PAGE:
Author Topic: Dr. Jim L. Davis, Armi San Marco, And A Bit More  (Read 76 times)

Offline sourdough

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Dr. Jim L. Davis, Armi San Marco, And A Bit More
« on: July 20, 2020, 06:01:46 PM »
This post/thread was made by Dr. Davis on the FirearmsTALK forum on March 18 2010:

Gentlemen, I really need your help. I am trying to put together the history of Armi San Marco. I seem to have misplaced the file containing all my research about this manufacturer, worse still I am afraid that it may have been in my warehouse which was recently destroyed by fire along with three collectable Mercedes automobiles. Now I am starting from scratch about ASM.

ASM was one of the first Italian manufacturers back in 1960 along with Uberti. Replica Arms was the first importer for ASM revolvers, the first being the 1847 Walker. I do remember an article about this first revolver in that it was so exactly copied from an original that even experienced Colt collectors had difficulty in telling the prototype from an original. Changes were made in the production guns to make sure they could not be passed off as an original. Also, ASM use forged frames instead of castings on many of their revolvers.

Replica Arms of El Paso, TX was started by L.F. Allen. This was sold and moved to Marietta, OH., and then, in around 1973, was sold to Navy Arms. Allen then started Western Arms which became Allen Arms, and then to Cimarron.

I remember that ASM was sold to American Western Arms who only produces cartridge revolvers. ASM attempted to revive its percussion revolvers with limited success and finally closed its doors several years back.

I need sources of information to reestablish the history of ASM and fill in holes. Any help provided will be gratefully acknowledged in out book when published.


To correlate my next thoughts:

I bought this 1848 Pocket .31 6" in 2015 on GunBroker. It was marked Replica Arms El Paso Texas date code XIX/1963 with both Italian proofmarks. No manufacturer markings. I asked around about it and the first (and only) response I received was from Dr. Davis, who stated it was an ASM first year of manufacture. Early ASM revolvers had a unique sloped look insofar as the rear shoulders on the trigger guard, as well as in the area of the load lever/rammer attachment.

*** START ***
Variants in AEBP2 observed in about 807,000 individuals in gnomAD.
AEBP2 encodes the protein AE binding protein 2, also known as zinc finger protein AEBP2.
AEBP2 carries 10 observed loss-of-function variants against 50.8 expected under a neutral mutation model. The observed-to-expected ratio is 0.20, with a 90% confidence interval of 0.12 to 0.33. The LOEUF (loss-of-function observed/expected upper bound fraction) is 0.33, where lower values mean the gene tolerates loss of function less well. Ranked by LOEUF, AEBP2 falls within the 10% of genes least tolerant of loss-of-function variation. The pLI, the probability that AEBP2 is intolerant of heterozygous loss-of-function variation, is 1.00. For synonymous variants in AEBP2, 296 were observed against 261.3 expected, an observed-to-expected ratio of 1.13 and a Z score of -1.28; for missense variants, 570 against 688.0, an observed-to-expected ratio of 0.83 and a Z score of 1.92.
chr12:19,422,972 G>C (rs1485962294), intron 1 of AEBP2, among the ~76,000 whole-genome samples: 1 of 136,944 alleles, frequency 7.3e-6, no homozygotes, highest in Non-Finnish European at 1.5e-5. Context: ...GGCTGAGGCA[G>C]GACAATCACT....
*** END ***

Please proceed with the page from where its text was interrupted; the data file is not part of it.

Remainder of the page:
This next Pocket belongs to a gentleman in France, the photo of which I obtained from him. It is marked ASM, and it has the same certain characteristics as above, but the recoil shield cutout and the load aperture on the barrel lug are more like the 1849 Pocket. Both revolvers have the short frame, the short forcing cone, and the SB TG like the original 1848 revolvers. ASM in the early years was fairly historically correct insofar as the original Colts. If one studies the original Colt 1848/1849 revolvers



I was intrigued with Davis' mention of Western Arms.

Uberti Dance .36 Cased Set date code AN/1985 SN 0028. Per Davis, it was sold as the Shooter Model with no SN prefix, and the barrel is marked SMLS-INC.-ANGLETON.-TEXAS . It has the original Western Arms/Uberti box. SMLS INC.-ANGLETON.-TEXAS (Southwest Muzzle Loaders Shooters Supply) was an outfit owned/created by Tony Gajewsky. He commissioned a 1-year run of Pietta 1862 Dance And Brothers in 1996, and I own SN C00013 of that series. He must also had a connection with Western Arms/Uberti with Uberti's 1985 one year issue of Dance .36 revolvers.

(Photos: Mark Hubbs/Eras Gone)











There is also a connection concerning Cimarron (formerly Western Arms) and Uberti in the present day.

IMHO, without the files from Dr. Davis (which may be published in the future), and unless we delve into decades-ago Internet posts we will not know many of the associations of the manufacturers/importers just here in the U.S. It is intriguing to me and that is why I am probably the nerd red-headed stepson on this forum.  :)

I will continue in this vein.

Regards,

Jim